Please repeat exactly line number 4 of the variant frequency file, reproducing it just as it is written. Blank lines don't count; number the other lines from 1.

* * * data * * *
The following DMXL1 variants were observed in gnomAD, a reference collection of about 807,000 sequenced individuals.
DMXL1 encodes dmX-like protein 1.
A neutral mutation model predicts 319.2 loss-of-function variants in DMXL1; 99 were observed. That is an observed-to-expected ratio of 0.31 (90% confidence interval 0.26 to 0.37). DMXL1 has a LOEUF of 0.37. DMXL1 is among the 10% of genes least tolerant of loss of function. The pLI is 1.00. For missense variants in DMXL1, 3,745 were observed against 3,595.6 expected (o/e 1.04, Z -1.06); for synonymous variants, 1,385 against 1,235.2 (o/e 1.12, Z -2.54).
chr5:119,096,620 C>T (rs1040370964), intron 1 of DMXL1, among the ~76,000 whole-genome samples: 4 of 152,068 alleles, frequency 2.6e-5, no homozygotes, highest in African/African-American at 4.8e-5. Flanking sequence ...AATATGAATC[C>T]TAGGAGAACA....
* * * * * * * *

chr5:119,096,620 C>T (rs1040370964), intron 1 of DMXL1, among the ~76,000 whole-genome samples: 4 of 152,068 alleles, frequency 2.6e-5, no homozygotes, highest in African/African-American at 4.8e-5. Flanking sequence ...AATATGAATC[C>T]TAGGAGAACA....